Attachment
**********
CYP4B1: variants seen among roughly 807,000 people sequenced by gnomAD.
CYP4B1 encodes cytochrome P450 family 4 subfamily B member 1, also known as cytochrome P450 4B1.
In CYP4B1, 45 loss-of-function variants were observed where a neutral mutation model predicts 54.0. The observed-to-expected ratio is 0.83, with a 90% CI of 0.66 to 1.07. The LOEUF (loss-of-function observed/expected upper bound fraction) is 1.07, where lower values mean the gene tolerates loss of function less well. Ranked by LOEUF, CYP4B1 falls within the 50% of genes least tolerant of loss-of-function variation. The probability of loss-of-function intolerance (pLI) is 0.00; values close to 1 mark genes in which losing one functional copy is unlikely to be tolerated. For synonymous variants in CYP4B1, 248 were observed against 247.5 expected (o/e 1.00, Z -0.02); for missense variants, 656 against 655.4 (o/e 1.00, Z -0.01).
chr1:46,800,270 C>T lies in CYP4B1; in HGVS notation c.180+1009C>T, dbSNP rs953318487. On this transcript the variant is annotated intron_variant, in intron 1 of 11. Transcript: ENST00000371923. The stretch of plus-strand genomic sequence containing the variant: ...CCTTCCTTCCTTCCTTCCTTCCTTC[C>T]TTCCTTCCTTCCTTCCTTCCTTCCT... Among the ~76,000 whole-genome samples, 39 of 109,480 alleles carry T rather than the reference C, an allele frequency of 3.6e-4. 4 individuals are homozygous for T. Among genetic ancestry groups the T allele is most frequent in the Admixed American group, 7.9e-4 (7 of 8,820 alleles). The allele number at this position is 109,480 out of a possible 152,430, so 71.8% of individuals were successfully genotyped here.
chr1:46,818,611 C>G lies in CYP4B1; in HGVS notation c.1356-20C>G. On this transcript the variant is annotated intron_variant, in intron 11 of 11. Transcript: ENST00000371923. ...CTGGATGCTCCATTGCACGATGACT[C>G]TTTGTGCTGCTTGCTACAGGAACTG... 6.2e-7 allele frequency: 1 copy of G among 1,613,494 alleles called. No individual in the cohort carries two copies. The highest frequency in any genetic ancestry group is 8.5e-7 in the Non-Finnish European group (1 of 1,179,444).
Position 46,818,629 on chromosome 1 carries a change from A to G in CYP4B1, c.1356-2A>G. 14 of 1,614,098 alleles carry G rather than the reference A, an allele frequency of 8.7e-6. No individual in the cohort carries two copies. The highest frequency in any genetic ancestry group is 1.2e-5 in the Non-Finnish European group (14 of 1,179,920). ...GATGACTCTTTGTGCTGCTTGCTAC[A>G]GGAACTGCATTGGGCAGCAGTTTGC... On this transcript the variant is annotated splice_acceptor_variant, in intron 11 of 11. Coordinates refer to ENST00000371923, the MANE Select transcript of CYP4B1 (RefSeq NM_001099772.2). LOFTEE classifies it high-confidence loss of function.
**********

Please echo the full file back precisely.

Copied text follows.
CYP4B1: variants seen among roughly 807,000 people sequenced by gnomAD.
CYP4B1 encodes cytochrome P450 family 4 subfamily B member 1, also known as cytochrome P450 4B1.
In CYP4B1, 45 loss-of-function variants were observed where a neutral mutation model predicts 54.0. The observed-to-expected ratio is 0.83, with a 90% CI of 0.66 to 1.07. The LOEUF (loss-of-function observed/expected upper bound fraction) is 1.07, where lower values mean the gene tolerates loss of function less well. Ranked by LOEUF, CYP4B1 falls within the 50% of genes least tolerant of loss-of-function variation. The probability of loss-of-function intolerance (pLI) is 0.00; values close to 1 mark genes in which losing one functional copy is unlikely to be tolerated. For synonymous variants in CYP4B1, 248 were observed against 247.5 expected (o/e 1.00, Z -0.02); for missense variants, 656 against 655.4 (o/e 1.00, Z -0.01).
chr1:46,800,270 C>T lies in CYP4B1; in HGVS notation c.180+1009C>T, dbSNP rs953318487. On this transcript the variant is annotated intron_variant, in intron 1 of 11. Transcript: ENST00000371923. The stretch of plus-strand genomic sequence containing the variant: ...CCTTCCTTCCTTCCTTCCTTCCTTC[C>T]TTCCTTCCTTCCTTCCTTCCTTCCT... Among the ~76,000 whole-genome samples, 39 of 109,480 alleles carry T rather than the reference C, an allele frequency of 3.6e-4. 4 individuals are homozygous for T. Among genetic ancestry groups the T allele is most frequent in the Admixed American group, 7.9e-4 (7 of 8,820 alleles). The allele number at this position is 109,480 out of a possible 152,430, so 71.8% of individuals were successfully genotyped here.
chr1:46,818,611 C>G lies in CYP4B1; in HGVS notation c.1356-20C>G. On this transcript the variant is annotated intron_variant, in intron 11 of 11. Transcript: ENST00000371923. ...CTGGATGCTCCATTGCACGATGACT[C>G]TTTGTGCTGCTTGCTACAGGAACTG... 6.2e-7 allele frequency: 1 copy of G among 1,613,494 alleles called. No individual in the cohort carries two copies. The highest frequency in any genetic ancestry group is 8.5e-7 in the Non-Finnish European group (1 of 1,179,444).
Position 46,818,629 on chromosome 1 carries a change from A to G in CYP4B1, c.1356-2A>G. 14 of 1,614,098 alleles carry G rather than the reference A, an allele frequency of 8.7e-6. No individual in the cohort carries two copies. The highest frequency in any genetic ancestry group is 1.2e-5 in the Non-Finnish European group (14 of 1,179,920). ...GATGACTCTTTGTGCTGCTTGCTAC[A>G]GGAACTGCATTGGGCAGCAGTTTGC... On this transcript the variant is annotated splice_acceptor_variant, in intron 11 of 11. Coordinates refer to ENST00000371923, the MANE Select transcript of CYP4B1 (RefSeq NM_001099772.2). LOFTEE classifies it high-confidence loss of function.